Want to make your vinegar weed killer spray even more effective? Add an ounce of dish soap per gallon of vinegar. Still not enough? Try adding a quarter cup of salt.
How well does homemade vinegar weed killer work? Results are mixed.
On young broadleaf weeds like dandelion or oxalis, plain vinegar or the vinegar mixes are pretty effective. On older, more established plants with deep tap roots or quackgrass with long runners, odds are the plant will regrow from the roots. Repeated application will likely be needed. This spray is also non-specific – you can damage your garden seedlings right along with the weeds. Vinegar and salt may also discolor pavers or walkways. Heavy use of vinegar may lower soil pH, making the soil more acidic. (Good in the blueberry patch, not so great in other spots.) Use thoughtfully.
Natural Weed Control Option #3 – Boiling Water as a Natural Weed Killer
I put my canning water to use a second time getting rid of the weeds that pop up in the gravel walkway by our front door. Just pour the boiling water straight on the weeds to quick cook them, making sure not to splash yourself. This is a safer option for any surface you are worried that vinegar may damage. Pretty effective against a range of weed sizes, although like vinegar, larger weeds may require multiple applications.
Natural Weed Control #4 – Get Rid of Crabgrass with Calcium
Weeds are not evil or just here to be a pain in the butt – they serve a purpose. Know your weeds and you will know your soil. In the book, “Weeds, Control Without Poisons“, Charles Walters provides organic control suggestions for dozens and dozens of weeds. Crabgrass and quackgrass are some of the most troublesome lawn and garden weeds, so I wanted to pay special attention to each of them.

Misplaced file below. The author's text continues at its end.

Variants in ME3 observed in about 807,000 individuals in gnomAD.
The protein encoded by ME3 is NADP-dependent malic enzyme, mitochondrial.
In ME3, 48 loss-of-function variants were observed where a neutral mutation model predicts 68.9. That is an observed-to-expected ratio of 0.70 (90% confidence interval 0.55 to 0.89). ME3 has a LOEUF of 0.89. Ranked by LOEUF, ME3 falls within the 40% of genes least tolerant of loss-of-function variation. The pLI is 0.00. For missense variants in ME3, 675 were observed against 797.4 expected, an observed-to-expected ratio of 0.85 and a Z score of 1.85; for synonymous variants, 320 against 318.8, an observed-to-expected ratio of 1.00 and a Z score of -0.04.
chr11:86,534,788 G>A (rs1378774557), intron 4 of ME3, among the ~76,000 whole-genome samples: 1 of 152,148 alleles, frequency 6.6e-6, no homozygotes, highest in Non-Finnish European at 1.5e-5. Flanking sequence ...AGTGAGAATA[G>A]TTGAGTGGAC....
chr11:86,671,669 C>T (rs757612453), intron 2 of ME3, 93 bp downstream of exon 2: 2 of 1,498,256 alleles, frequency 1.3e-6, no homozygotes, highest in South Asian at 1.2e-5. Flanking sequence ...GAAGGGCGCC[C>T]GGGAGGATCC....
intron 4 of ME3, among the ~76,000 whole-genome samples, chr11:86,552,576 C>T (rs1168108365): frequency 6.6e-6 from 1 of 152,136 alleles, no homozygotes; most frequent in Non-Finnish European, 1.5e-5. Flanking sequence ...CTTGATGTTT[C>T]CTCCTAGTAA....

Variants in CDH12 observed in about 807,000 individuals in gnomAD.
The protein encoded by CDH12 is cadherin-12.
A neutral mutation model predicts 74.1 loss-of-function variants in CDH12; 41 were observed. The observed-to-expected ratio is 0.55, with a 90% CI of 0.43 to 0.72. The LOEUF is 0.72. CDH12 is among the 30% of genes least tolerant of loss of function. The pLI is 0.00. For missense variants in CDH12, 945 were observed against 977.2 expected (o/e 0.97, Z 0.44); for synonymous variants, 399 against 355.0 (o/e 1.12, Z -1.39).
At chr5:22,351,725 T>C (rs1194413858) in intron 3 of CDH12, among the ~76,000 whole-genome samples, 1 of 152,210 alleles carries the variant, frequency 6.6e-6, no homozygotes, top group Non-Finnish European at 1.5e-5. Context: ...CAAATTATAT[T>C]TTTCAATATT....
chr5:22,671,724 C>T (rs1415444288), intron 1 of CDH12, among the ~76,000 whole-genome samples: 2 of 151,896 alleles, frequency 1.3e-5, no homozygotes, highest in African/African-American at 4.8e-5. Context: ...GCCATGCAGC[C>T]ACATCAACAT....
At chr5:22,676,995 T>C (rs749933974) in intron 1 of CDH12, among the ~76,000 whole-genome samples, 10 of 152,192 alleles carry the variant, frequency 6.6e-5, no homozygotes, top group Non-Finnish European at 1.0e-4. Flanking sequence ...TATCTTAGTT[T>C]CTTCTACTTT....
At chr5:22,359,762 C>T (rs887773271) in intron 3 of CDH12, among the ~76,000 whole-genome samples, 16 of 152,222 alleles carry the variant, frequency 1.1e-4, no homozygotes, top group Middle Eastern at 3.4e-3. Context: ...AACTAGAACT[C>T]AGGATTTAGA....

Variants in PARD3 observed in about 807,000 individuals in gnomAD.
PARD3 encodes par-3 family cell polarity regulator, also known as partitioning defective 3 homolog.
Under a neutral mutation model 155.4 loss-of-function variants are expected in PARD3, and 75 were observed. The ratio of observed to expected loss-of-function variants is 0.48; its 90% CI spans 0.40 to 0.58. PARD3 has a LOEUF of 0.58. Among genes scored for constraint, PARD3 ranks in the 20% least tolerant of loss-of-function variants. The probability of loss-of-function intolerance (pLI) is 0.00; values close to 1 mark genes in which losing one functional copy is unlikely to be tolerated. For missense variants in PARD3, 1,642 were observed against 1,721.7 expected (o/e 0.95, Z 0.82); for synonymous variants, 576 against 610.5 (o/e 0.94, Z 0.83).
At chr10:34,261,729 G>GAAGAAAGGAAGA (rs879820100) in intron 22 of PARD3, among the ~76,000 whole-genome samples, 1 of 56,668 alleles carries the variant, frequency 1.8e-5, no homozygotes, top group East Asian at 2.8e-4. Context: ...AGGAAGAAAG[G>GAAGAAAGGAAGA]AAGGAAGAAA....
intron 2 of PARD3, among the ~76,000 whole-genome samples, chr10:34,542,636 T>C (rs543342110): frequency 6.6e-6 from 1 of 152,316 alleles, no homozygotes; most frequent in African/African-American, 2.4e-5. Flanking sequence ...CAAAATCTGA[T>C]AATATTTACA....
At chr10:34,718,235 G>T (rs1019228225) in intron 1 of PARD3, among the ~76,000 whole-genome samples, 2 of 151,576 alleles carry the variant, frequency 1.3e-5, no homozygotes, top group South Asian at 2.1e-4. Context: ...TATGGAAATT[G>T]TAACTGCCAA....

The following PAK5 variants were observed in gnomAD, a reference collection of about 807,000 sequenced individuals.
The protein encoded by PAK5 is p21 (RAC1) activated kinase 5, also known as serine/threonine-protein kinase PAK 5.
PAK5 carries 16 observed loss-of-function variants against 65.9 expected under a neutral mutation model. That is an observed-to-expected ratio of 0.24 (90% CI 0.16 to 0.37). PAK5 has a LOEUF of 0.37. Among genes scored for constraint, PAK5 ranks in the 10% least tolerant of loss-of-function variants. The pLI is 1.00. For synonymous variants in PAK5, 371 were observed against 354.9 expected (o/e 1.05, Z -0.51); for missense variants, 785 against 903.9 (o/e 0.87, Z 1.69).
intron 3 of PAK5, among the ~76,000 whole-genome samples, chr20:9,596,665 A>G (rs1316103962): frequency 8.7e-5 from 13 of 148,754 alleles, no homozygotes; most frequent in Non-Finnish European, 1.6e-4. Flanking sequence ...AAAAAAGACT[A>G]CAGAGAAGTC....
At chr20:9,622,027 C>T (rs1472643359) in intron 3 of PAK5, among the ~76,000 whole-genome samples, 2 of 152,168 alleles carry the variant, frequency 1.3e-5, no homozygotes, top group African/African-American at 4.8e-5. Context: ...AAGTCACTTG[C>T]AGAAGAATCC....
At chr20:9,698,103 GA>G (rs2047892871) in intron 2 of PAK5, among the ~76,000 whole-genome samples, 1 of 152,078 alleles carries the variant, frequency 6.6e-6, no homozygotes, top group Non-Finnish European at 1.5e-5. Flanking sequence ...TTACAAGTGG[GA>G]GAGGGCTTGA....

Crabgrass, Digitaria sanguialis, is an annual weed that reproduces by stem rooting and seeds. It is course and clumpy and generally unattractive in lawns. Mr. Walters says that crabgrass overgrowth indicates that the soil is low in calcium. Specifically, they are soils that “cannot support decay starting with actinomycetes molds”. With application of calcium lime and sulfur or gypsum, crabgrass is reduced in volume. It effectively rots away over time. A soil test will help you determine how much calcium is needed for your soil.
Quackgrass, Agropyron repens, is a perennial grass that spreads by creeping rhizomes and seeds. The rhizomes are the really trouble makers here, as they can spread for yards through the soil, and a full plant can regrow from any little bit left behind. Quackgrass is a little trickier to ditch than crabgrass. Mr. Walters sites copper, manganese, soft rock phosphate, vitamin B-12, calcium, molasses, soil aeration and use of sulfates as possible treatments to eliminate this weed. Again, soil testing may help you target the right doses to help you get faster results.
Natural Weed Control #5 – Put Your Weeds to Use!
Ralph Waldo Emerson said, “What is a weed? A plant whose virtues have not yet been discovered.” Many of the plants we call “weeds” were purposefully transported by settlers around the globe because they were so useful. They need to be “rediscovered”. The Weekly Weeder series has identification and use information for over 40 common weeds. The book, “The Wild Wisdom of Weeds”, “Backyard Medicine” and my other favorite weed books give wonderful tips and recipes for many more wild plants.
Even my teenage boys have been won over by the taste of mock spinach pie made with lambsquarters, and ask for it in season. My eldest is always game to taste test anything I give him an “okay” on, and my youngest is always asking about which plants are used as habitat for which critters. When we work in the garden and yard, they ask which weeds to keep and which ones to remove. I love to identify a new useful “weed” in the yard or garden, like when I discovered a patch of self heal at the base of the swales.
What your favorite way to control weeds without poisons? I’d love to hear from you. Have a particularly problematic weed? Leave a comment and I’ll see if I can help.
As always, Pins, Shares and Comments much appreciated. 🙂
You may also enjoy:
- 5 Reasons Why I Want Weeds in My Garden
- What if I told you weeds and bacteria could save your life?
- Grandma Called it Medicine Leaf
Originally posted in 2015, updated in 2017.